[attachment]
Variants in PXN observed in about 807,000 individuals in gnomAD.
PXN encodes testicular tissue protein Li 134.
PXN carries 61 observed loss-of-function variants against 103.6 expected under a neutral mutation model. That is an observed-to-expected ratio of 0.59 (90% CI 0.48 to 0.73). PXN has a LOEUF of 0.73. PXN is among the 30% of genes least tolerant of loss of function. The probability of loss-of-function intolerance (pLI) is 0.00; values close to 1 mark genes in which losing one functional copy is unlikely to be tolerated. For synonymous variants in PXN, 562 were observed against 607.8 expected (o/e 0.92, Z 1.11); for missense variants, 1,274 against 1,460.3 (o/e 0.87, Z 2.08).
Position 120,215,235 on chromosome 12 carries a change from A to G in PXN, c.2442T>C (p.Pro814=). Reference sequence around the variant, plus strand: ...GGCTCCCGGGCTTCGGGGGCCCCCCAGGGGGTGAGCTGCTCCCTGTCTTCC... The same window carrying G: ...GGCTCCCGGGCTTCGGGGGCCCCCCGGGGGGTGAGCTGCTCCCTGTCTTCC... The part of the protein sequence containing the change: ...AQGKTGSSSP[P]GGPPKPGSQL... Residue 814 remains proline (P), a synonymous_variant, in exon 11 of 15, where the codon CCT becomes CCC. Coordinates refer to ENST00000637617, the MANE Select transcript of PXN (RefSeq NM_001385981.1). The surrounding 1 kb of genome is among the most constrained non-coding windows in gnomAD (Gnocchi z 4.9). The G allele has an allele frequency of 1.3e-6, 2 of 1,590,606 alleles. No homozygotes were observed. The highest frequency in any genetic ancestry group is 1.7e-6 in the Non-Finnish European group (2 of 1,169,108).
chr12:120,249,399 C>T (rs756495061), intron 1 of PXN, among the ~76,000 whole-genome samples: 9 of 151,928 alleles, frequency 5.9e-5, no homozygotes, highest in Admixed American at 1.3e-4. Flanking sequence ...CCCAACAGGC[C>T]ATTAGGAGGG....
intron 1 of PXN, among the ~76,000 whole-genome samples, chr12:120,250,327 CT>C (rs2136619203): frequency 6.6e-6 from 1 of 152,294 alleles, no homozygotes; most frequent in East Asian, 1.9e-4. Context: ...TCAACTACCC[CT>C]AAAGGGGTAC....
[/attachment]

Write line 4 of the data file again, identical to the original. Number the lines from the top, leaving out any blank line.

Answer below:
Position 120,215,235 on chromosome 12 carries a change from A to G in PXN, c.2442T>C (p.Pro814=). Reference sequence around the variant, plus strand: ...GGCTCCCGGGCTTCGGGGGCCCCCCAGGGGGTGAGCTGCTCCCTGTCTTCC... The same window carrying G: ...GGCTCCCGGGCTTCGGGGGCCCCCCGGGGGGTGAGCTGCTCCCTGTCTTCC... The part of the protein sequence containing the change: ...AQGKTGSSSP[P]GGPPKPGSQL... Residue 814 remains proline (P), a synonymous_variant, in exon 11 of 15, where the codon CCT becomes CCC. Coordinates refer to ENST00000637617, the MANE Select transcript of PXN (RefSeq NM_001385981.1). The surrounding 1 kb of genome is among the most constrained non-coding windows in gnomAD (Gnocchi z 4.9). The G allele has an allele frequency of 1.3e-6, 2 of 1,590,606 alleles. No homozygotes were observed. The highest frequency in any genetic ancestry group is 1.7e-6 in the Non-Finnish European group (2 of 1,169,108).